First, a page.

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Carbolic acid, also known as phenyl alcohol, is a weak acid distilled from coal tar. Undiluted, it can be fatal if ingested, but is found in diluted forms in a number of consumer products as an antiseptic, deodorizer, or disinfectant. Carbolic salve is a salve which contains diluted carbolic acid mixed with an oil base and used to treat minor cuts, scrapes, burns, skin rashes and insect bites.
Until the twentieth century, survival rates for surgery were fairly low. While the surgery may have been successful, the patient often died of infection. Joseph Lister, a British surgeon who subscribed to the germ theory as a cause of infections, became interested in the use of carbolic acid to kill bacteria. Encouraged by the successful treatment of water with this substance, he decided to use diluted carbolic acid to clean surgical wounds on his patients. After nine months he was able to report the astounding news that not one patient so treated had developed post-surgical sepsis, or blood infection.
It took some time for the medical community to embrace this new treatment, but by the 1880’s, products such as carbolic soap and carbolic salve began to appear on apothecary shelves. Some of the claims for the curative powers of carbolic salve were a bit extreme, including cures for everything from worms to burns to facial pimples. Several companies created their own versions of the salve, using a variety of ingredients including lard or some other oil base, wax and herbs. Other plant products were often added for additional medicinal benefits, such as persimmon to act as an astringent in helping to close the wound.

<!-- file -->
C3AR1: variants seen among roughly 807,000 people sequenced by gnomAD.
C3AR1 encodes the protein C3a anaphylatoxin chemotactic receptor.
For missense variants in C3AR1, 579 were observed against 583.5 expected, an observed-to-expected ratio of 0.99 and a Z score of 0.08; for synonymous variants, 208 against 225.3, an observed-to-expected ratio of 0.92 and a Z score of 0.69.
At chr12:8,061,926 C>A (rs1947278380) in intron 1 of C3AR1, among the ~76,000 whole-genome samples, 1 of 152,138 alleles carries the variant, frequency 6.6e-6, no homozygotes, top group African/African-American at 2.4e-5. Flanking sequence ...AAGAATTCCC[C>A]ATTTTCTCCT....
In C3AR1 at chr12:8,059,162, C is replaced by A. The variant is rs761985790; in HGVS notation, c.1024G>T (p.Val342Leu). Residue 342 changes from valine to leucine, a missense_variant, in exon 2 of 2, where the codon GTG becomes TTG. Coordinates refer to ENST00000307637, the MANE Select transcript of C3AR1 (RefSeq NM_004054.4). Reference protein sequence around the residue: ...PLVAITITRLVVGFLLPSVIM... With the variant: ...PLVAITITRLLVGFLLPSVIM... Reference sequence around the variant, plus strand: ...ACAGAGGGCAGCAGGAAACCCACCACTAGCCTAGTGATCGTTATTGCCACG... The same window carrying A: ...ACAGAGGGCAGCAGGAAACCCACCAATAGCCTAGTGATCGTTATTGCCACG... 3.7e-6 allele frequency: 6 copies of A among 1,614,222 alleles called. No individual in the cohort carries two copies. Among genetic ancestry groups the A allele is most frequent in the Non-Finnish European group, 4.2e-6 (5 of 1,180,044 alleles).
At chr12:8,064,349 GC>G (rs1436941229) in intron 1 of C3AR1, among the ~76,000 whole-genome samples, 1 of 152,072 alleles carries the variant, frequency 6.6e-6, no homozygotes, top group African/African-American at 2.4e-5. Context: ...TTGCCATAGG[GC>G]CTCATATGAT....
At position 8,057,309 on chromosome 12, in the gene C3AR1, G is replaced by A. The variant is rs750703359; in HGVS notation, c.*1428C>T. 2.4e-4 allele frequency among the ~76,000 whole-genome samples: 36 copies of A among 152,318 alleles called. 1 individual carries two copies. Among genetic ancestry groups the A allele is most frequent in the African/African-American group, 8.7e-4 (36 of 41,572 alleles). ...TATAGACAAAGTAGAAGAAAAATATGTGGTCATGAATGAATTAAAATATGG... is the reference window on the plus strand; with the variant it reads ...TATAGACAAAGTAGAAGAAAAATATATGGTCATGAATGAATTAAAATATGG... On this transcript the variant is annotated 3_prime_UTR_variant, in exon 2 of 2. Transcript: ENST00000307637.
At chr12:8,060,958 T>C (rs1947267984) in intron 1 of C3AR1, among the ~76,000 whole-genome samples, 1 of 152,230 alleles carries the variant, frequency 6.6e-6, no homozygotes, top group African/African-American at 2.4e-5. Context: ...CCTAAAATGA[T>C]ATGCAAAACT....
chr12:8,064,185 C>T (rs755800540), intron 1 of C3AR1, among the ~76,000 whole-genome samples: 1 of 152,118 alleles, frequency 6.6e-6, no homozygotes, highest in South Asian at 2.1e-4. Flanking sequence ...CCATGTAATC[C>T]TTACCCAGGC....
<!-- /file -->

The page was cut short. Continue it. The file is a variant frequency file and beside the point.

Carbolic salve has won a place in the Smithsonian Institution’s collection of over 4000 patent medicines dated from the 1800’s onward. The product they have on display is A.D.S. Carbolic Salve, which was manufactured by the American Druggist Syndicate in 1930 and promoted for use on sores and bruises. Unlike some of the patent medicines of that era, this product does have several health benefits and continues to be sold.
Veterinarians and dairy farmers still use the ointment to treat minor scratches and cuts on animals and to soothe dry, chapped skin on cow udders. It is a common household product as well. In addition to treating cuts and skin conditions, carbolic salve has a drawing quality that works with slivers, splinters and boils. A person can place the salve on a deep splinter, cover it with some type of bandage, and change it a couple times a day. Quite often, only a few applications are required to draw out the offending object.
Neosporin doesn't work for me; it only irritates my skin more. I was lucky to have grown up with a grandmother who used carbolic salve! Even now, at 30, I use it in my first aid kit, because it works great and doesn't cause me more irritation, like other salves.